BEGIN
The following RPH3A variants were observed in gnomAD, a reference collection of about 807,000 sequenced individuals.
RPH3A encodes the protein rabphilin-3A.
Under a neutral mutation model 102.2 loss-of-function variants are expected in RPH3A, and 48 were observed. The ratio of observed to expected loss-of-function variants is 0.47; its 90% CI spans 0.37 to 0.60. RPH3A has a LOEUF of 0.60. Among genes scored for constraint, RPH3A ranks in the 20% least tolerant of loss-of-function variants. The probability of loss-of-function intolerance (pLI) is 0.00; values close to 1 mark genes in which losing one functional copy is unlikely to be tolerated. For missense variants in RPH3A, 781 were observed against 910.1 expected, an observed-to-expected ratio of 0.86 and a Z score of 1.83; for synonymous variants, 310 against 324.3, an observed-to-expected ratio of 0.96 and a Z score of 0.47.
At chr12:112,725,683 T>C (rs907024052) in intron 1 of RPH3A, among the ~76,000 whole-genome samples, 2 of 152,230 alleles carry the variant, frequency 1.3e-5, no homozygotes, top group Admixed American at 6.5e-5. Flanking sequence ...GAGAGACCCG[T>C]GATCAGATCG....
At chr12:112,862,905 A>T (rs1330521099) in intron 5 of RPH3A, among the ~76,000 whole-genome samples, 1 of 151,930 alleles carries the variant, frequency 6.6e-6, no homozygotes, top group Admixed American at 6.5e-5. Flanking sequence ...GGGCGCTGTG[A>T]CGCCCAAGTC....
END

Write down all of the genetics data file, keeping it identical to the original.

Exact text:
The following RPH3A variants were observed in gnomAD, a reference collection of about 807,000 sequenced individuals.
RPH3A encodes the protein rabphilin-3A.
Under a neutral mutation model 102.2 loss-of-function variants are expected in RPH3A, and 48 were observed. The ratio of observed to expected loss-of-function variants is 0.47; its 90% CI spans 0.37 to 0.60. RPH3A has a LOEUF of 0.60. Among genes scored for constraint, RPH3A ranks in the 20% least tolerant of loss-of-function variants. The probability of loss-of-function intolerance (pLI) is 0.00; values close to 1 mark genes in which losing one functional copy is unlikely to be tolerated. For missense variants in RPH3A, 781 were observed against 910.1 expected, an observed-to-expected ratio of 0.86 and a Z score of 1.83; for synonymous variants, 310 against 324.3, an observed-to-expected ratio of 0.96 and a Z score of 0.47.
At chr12:112,725,683 T>C (rs907024052) in intron 1 of RPH3A, among the ~76,000 whole-genome samples, 2 of 152,230 alleles carry the variant, frequency 1.3e-5, no homozygotes, top group Admixed American at 6.5e-5. Flanking sequence ...GAGAGACCCG[T>C]GATCAGATCG....
At chr12:112,862,905 A>T (rs1330521099) in intron 5 of RPH3A, among the ~76,000 whole-genome samples, 1 of 151,930 alleles carries the variant, frequency 6.6e-6, no homozygotes, top group Admixed American at 6.5e-5. Flanking sequence ...GGGCGCTGTG[A>T]CGCCCAAGTC....